This week's Critter recaps the Antarctic sea pig Protelpidia murrayi

The Antarctic ‘sea pig’ (Protelpidia murrayi) is a type of sea cucumber that can be found roaming the muddy seafloor in the Ross Sea.

The Antarctic ‘sea pig’ (Protelpidia murrayi) is a type of sea cucumber that can be found roaming the muddy seafloor in the Ross Sea. This was one of the very first critters we featured (Week no. 2). Since this is one of our favourites and many of our newer friends might not have seen the post, we decided to showcase it again.

Our sea pig images caught the attention of Ze Frank who posts some hilarious and informational videos on the world’s amazing and weird creatures in his “True Facts…” series on YouTube. This is what Ze Frank made of the sea pig and with over 5 million views it has been well received! Make sure you watch it all the way through and spot our very own Sadie Mills at the very end.

Protelpidia murrayi belongs to the group of sea cucumbers that have managed to establish themselves in the deepest parts of the world’s oceans, the abyss, but this species makes its home on the deep continental shelf around the Antarctic (~400-900 metres deep).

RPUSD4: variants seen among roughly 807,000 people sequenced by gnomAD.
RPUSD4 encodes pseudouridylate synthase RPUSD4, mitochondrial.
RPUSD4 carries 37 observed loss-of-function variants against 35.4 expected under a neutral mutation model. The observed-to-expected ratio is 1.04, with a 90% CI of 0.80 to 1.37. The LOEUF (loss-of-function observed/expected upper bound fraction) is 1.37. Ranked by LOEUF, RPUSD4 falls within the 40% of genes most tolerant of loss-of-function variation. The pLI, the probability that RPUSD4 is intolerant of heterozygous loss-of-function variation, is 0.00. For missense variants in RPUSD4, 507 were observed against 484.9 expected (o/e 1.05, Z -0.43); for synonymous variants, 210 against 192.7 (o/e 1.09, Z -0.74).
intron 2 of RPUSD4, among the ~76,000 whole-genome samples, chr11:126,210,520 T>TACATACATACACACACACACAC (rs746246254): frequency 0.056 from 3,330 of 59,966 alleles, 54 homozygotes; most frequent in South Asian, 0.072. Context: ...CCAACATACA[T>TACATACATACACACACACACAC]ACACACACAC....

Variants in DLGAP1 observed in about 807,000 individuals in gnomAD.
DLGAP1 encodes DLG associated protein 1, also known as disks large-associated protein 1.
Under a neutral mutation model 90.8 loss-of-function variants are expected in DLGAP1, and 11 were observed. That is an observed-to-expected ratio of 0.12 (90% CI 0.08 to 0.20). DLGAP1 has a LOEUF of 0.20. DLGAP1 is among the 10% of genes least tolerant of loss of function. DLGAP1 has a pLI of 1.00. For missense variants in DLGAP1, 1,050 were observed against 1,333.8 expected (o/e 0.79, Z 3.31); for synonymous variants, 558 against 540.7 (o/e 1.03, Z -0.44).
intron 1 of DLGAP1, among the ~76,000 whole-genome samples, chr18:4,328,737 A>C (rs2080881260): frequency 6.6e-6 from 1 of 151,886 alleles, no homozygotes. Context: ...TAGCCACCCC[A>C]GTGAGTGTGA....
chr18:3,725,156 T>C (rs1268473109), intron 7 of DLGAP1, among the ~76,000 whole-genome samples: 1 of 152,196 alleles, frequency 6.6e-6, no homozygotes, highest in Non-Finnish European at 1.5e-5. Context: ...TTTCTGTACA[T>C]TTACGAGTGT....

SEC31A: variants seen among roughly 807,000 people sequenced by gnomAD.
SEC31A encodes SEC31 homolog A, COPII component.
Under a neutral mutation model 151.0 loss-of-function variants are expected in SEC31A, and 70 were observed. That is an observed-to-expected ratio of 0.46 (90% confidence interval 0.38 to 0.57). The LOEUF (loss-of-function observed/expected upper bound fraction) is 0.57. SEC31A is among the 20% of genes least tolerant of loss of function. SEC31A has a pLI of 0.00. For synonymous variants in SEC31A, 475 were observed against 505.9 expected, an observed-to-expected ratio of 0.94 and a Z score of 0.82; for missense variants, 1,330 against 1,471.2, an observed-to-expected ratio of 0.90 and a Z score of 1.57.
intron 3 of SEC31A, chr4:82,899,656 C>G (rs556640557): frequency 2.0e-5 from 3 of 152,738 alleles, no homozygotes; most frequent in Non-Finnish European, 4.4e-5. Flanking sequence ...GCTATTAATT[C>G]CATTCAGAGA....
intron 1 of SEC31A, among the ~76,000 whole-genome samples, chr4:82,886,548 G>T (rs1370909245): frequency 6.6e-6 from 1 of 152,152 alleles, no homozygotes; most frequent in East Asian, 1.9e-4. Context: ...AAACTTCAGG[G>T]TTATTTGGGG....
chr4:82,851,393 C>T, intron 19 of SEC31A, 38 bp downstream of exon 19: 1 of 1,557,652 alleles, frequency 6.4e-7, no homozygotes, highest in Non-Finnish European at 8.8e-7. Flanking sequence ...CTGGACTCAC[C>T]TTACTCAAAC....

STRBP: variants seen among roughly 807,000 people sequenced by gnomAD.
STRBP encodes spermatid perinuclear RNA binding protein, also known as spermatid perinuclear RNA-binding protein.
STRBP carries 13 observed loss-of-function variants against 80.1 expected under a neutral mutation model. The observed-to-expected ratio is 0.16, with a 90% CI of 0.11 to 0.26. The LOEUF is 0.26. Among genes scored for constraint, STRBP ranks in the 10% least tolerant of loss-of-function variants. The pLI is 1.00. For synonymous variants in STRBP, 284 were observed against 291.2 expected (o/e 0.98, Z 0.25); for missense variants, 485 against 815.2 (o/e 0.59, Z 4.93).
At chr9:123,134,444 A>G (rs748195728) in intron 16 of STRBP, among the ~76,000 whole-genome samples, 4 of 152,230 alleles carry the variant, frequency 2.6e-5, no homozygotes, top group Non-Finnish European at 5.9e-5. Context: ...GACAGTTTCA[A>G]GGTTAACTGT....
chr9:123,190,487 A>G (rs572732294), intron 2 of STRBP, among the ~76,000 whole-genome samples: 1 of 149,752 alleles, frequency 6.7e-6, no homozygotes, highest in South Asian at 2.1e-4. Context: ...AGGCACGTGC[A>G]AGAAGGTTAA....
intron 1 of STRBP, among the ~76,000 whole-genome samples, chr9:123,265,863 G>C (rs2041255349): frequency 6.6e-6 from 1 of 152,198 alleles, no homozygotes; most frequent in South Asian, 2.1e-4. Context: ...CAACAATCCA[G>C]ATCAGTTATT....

Find out more about sea pigs on the echinoblog written by our friend Dr. Chris Mah, and the amazing parasites that the sea pig hosts from our earlier Critter of the Week post.

Photo credit: Stefano Schiaparelli/ IPY-CAML.

This is a specimen of Protelpidia murrayi that we collected in the Ross Sea in 2008. Sea cucumbers are simple organisms, imagine a water balloon filled with some intestines and reproductive organs (you can see the coiled gut through the transparent skin here). If you squint a little and roll your head from side to side you can definitely see where the sea pig got its name from.

Photo credit: DTIS / IPY-CAML.

This sea pig is marching around the muddy seafloor on its hydrostatic ‘feet’ at around 660 m deep on the Ross Sea shelf. The two red laser marks are exactly 20cm apart and help us measure what we see on the ocean floor. Also spot the sea spiders and the little brittle star in this seafloor photo from our deep towed camera system.

The sea pig uses a ring of tentacles around the mouth to pick up and eat detritus from the muddy seafloor.

This is the now (in)famous photo of our own Sadie on the trawl deck of R/V Tangaroa during the 2008 IPY-CAML voyage to the Ross Sea, Antarctica. She is pointing out how big a seapig can get. [Richard O'Driscoll / IPY-CAML].